Sustainability goals encourage collaboration with City of Fort Collins, CSU students

Christina Vessa

Sustainable practices are second nature for the majority of students at Colorado State University, according to Jacob Kimiecik, the Director of the Student Sustainability Center. While the City of Fort Collins and CSU work together to reach sustainability goals for the future, alternative transportation, clean energy, a thriving economy and water innovation are just a few of the expected results.wade-troxell3

Fort Collins Mayor Wade Troxell is one of 27 mayors in America who signed the Mayors National Climate Action Agenda, encouraging President Obama to fight for a climate agreement at the upcoming 21st Conference to the Parties of the United Nations Framework Convention on Climate Change in Paris. Mayors from other Colorado cities including Aspen, Denver and Boulder, signed the letter as well. COP21 is the world’s largest climate negotiation, according to Chief Sustainability Officer for the City of Fort Collins Jackie Kozak-Thiel.

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“So much of the action around climate change in the (United States) and around the world is happening on a local level,” Kozak-Thiel said. “Fort Collins was a natural fit for us to join the national climate action agenda because we had just passed the Climate Action Plan Framework this past March with ambitious goals.”

The 2015 Climate Action Plan Framework is encouraging greenhouse gas reduction through a set of goals to be achieved by 2050. Goals of this plan include a 20 percent reduction in greenhouse gas emissions by 2020, an 80 percent reduction by 2030 and complete carbon neutrality by 2050.

“In order to sign (the Mayors National Climate Action Agenda) you had to commit and have already made commitments to reductions,” Kozak-Thiel said. “While these negotiations are made at a national level, there is still an important role that local governments like Fort Collins play leading up to the event.”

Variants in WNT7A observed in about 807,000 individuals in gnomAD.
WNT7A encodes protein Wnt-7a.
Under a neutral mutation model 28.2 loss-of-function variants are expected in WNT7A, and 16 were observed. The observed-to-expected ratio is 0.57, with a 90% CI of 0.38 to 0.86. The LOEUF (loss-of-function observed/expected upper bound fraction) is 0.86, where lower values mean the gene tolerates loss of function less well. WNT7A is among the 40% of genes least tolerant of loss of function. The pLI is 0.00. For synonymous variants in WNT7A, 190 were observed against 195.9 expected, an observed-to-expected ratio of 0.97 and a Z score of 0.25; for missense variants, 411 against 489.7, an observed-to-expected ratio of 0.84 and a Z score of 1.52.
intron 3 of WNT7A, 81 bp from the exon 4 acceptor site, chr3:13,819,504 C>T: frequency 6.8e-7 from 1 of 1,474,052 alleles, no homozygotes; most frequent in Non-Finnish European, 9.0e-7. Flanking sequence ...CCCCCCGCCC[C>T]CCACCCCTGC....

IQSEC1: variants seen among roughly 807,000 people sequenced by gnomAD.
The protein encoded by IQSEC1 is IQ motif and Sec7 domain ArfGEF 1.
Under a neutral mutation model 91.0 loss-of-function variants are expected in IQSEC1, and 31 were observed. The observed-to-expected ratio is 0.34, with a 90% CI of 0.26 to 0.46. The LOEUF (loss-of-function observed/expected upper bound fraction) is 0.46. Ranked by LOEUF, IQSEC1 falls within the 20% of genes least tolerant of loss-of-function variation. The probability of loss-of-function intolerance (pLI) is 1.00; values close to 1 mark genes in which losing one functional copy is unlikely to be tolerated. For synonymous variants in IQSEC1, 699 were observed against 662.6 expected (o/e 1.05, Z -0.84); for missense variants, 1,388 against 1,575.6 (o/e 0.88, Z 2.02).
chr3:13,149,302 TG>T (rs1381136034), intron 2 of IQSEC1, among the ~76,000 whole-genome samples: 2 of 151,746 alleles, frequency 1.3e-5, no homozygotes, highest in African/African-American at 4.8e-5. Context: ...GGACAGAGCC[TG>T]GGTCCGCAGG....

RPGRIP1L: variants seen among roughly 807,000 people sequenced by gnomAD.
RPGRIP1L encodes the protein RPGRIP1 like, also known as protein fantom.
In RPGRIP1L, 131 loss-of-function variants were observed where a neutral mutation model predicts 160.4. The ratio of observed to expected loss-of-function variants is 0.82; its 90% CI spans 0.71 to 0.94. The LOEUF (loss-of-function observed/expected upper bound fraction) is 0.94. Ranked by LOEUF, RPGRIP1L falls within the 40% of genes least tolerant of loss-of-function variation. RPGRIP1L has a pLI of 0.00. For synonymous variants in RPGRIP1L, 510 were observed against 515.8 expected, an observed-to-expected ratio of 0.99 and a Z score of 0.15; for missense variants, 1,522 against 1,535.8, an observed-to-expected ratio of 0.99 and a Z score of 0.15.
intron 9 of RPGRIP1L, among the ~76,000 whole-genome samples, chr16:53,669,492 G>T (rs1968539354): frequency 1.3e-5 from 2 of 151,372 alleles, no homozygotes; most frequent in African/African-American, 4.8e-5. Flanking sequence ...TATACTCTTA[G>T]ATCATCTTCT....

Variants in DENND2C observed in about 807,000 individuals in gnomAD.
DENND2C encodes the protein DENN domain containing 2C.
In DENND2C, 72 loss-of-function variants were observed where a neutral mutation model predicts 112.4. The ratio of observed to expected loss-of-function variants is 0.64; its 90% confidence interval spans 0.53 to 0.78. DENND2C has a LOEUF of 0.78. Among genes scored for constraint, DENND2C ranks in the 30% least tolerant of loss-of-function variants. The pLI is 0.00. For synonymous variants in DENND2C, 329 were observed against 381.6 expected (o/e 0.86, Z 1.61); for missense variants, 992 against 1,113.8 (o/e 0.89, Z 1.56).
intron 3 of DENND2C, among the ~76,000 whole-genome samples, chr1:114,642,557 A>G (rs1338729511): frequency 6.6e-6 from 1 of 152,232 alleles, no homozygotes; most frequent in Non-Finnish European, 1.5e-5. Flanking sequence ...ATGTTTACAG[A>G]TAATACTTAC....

Thiel said the student population in Fort Collins can make a huge contribution to the goals of climate action, because they are the next generation of leadership.

“The student population is one of the most important sectors of our community in terms of encouraging and activating sustainability in reaction to climate change,” Kozak-Theil said.

As sustainable practices take the forefront in the City of Fort Collins, the Student Sustainability Center is working with the city government and local non-profit organizations to advance projects, initiatives and events.

“Our main goal is to find areas that CSU may be lacking in, in terms of our environmental consciousness as a university, and really get student support and action around those issues,” Kimiecik said.

Kimiecik said sustainability issues in the City of Fort Collins have a huge connection with CSU.

“Since the City of Fort Collins updated their climate action plan not too long ago, really, everyone at CSU realizes that if Fort Collins wants to do that, we have to do that,” Kimiecik said. “If they want to get carbon neutral by 2050, that was already our goal.”

Students are growing up in an era where sustainability is a big topic, and input from young adults is important for the city, said Kimiecik. He said it is exciting to be at the forefront of ambitious climate action plans through the City of Fort Collins and CSU.

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Student Body President Jason Sydoriak said his administration is in the beginning stages of plans to encourage sustainability through the ASCSU Department of Environmental Affairs.

“The biggest thing that we can do this year is constructively using student fees for alternative transportation,” Sydoriak said. “Not only is it going to create more ways to have alternative transportation used on campus, but it is going to make it more friendly and bring people in.”

As plans for alternative transportation, clean energy, a thriving economy and water innovation are expected to mold the future of Fort Collins, student organizations, local leadership and city officials are encouraging climate action on an international level.

“The national climate agenda is about showcasing local leadership around the country in every single region,” Kozak-Theil said. “Whether you are in a coastal state or a mountain state, climate change is of huge concern to our citizens.”

Collegian Senior Reporter Christina Vessa can be reached at news@collegian.com or on Twitter @ChrissyVessa.